Mast Cell Tumor
Mast cells are immune cells normally involved in allergic reactions. They contain packets of chemicals (called granules) that are released upon stimulation by an allergen. Mast cells are located throughout the body and dogs have a large proportion located within their skin. Mast cell tumors are found more frequently in Boxers, Boston Terriers, Labrador Retrievers, Golden Retrievers, Beagles, Pugs, Shar Peis, and Bulldogs.
A diagnosis of a mast cell tumor can usually be made via a fine needle aspirate. A small needle, the same size that’s used to draw a blood sample or give a vaccine, is introduced into the mass and a syringe is used to extract cells. These cells are distributed onto a slide and evaluated either by your veterinarian or submitted to a lab for analysis by a clinical pathologist.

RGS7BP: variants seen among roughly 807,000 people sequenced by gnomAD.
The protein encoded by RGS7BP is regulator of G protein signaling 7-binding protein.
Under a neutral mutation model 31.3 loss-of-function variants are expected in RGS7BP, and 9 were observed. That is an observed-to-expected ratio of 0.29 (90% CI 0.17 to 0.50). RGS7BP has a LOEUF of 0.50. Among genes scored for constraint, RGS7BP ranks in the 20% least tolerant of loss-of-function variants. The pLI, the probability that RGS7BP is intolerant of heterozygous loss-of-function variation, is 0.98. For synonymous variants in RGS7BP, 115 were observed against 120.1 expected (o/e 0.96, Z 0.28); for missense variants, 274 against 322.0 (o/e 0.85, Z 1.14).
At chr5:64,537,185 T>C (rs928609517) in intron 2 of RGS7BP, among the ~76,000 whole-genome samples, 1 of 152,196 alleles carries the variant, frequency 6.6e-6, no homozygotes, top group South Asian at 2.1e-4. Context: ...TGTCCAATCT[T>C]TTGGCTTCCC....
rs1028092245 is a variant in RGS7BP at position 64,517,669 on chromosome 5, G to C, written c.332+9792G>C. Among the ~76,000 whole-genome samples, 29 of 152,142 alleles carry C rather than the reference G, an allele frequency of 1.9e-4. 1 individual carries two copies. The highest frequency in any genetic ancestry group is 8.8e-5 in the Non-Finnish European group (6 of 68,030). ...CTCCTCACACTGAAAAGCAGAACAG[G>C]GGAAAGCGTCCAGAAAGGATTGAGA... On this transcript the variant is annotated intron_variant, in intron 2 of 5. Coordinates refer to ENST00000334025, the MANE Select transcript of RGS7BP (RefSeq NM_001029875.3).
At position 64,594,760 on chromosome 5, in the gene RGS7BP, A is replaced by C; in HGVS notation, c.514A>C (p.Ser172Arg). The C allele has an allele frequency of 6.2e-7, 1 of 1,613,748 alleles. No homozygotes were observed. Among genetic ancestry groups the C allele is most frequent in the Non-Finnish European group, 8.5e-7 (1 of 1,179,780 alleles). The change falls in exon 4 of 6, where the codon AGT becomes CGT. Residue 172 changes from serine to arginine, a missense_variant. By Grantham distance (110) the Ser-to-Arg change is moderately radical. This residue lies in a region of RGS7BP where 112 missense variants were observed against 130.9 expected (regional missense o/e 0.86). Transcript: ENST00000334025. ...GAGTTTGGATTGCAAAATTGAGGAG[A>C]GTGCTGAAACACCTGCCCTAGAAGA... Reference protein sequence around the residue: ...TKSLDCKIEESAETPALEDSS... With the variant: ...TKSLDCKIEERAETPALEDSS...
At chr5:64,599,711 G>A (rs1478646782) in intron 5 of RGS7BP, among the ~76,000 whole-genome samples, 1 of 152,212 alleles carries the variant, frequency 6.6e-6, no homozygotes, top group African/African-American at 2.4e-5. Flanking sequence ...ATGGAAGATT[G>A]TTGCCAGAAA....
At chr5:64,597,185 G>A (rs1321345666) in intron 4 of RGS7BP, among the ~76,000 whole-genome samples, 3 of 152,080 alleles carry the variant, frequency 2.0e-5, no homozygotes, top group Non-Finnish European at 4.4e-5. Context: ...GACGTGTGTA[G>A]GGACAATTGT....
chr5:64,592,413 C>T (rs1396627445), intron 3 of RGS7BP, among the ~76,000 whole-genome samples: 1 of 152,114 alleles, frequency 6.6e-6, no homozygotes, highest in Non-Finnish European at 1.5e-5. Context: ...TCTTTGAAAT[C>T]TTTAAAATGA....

Surgical removal is recommended for all confirmed mast cell tumors. A pathologist will review the sample and assign a “grade” to the tumor. The grade is the best predictor of whether follow-up testing and treatment is recommended. Low-grade tumors are usually cured with complete excision, whereas high-grade tumors are more likely to grow back and spread to distant sites in the body. In those cases, radiation therapy and chemotherapy are recommended to extend survival time.